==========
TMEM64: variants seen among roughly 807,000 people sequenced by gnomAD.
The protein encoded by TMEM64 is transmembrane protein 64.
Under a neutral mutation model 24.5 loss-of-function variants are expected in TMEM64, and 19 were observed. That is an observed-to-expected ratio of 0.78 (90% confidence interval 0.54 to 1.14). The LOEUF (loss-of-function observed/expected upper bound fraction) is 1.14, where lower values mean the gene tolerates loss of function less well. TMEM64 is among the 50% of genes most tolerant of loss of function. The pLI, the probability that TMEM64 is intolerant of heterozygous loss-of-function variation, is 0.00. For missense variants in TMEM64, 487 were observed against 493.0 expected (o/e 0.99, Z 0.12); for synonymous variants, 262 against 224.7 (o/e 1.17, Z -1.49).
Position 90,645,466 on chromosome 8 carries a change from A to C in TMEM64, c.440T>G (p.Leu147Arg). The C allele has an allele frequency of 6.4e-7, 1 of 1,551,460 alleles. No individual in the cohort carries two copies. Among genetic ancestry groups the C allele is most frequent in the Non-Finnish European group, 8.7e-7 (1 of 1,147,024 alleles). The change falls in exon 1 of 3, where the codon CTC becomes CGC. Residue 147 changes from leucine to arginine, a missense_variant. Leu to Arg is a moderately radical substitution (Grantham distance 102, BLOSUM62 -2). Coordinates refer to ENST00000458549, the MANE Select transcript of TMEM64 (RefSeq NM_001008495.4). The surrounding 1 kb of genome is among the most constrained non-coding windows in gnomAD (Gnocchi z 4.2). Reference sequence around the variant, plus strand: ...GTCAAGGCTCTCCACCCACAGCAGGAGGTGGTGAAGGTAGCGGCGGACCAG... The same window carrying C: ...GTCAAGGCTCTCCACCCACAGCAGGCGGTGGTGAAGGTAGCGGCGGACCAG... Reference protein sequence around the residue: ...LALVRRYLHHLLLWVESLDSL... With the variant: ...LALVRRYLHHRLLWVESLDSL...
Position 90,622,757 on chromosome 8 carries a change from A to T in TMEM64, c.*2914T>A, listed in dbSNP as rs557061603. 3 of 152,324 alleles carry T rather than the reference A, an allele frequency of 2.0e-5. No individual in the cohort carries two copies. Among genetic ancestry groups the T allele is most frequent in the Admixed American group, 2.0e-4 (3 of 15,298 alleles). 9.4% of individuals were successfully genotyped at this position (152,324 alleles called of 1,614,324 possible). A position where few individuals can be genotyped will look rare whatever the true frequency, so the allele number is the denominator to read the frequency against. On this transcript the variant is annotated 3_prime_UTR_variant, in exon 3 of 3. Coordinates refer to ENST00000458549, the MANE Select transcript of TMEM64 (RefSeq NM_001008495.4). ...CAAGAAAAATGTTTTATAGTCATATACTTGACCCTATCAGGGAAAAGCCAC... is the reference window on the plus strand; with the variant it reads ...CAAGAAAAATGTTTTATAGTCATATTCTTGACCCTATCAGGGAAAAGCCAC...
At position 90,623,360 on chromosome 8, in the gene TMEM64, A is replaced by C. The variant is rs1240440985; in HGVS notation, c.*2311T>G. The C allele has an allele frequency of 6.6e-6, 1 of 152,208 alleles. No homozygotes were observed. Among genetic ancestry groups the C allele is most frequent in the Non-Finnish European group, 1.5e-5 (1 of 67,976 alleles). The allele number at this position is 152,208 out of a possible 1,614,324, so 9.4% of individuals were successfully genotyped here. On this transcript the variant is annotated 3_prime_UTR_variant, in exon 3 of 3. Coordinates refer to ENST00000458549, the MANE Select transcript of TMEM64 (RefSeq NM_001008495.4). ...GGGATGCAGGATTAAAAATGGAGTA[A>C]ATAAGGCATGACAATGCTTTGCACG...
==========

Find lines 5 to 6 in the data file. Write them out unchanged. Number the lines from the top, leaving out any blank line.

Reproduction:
Position 90,622,757 on chromosome 8 carries a change from A to T in TMEM64, c.*2914T>A, listed in dbSNP as rs557061603. 3 of 152,324 alleles carry T rather than the reference A, an allele frequency of 2.0e-5. No individual in the cohort carries two copies. Among genetic ancestry groups the T allele is most frequent in the Admixed American group, 2.0e-4 (3 of 15,298 alleles). 9.4% of individuals were successfully genotyped at this position (152,324 alleles called of 1,614,324 possible). A position where few individuals can be genotyped will look rare whatever the true frequency, so the allele number is the denominator to read the frequency against. On this transcript the variant is annotated 3_prime_UTR_variant, in exon 3 of 3. Coordinates refer to ENST00000458549, the MANE Select transcript of TMEM64 (RefSeq NM_001008495.4). ...CAAGAAAAATGTTTTATAGTCATATACTTGACCCTATCAGGGAAAAGCCAC... is the reference window on the plus strand; with the variant it reads ...CAAGAAAAATGTTTTATAGTCATATTCTTGACCCTATCAGGGAAAAGCCAC...
At position 90,623,360 on chromosome 8, in the gene TMEM64, A is replaced by C. The variant is rs1240440985; in HGVS notation, c.*2311T>G. The C allele has an allele frequency of 6.6e-6, 1 of 152,208 alleles. No homozygotes were observed. Among genetic ancestry groups the C allele is most frequent in the Non-Finnish European group, 1.5e-5 (1 of 67,976 alleles). The allele number at this position is 152,208 out of a possible 1,614,324, so 9.4% of individuals were successfully genotyped here. On this transcript the variant is annotated 3_prime_UTR_variant, in exon 3 of 3. Coordinates refer to ENST00000458549, the MANE Select transcript of TMEM64 (RefSeq NM_001008495.4). ...GGGATGCAGGATTAAAAATGGAGTA[A>C]ATAAGGCATGACAATGCTTTGCACG...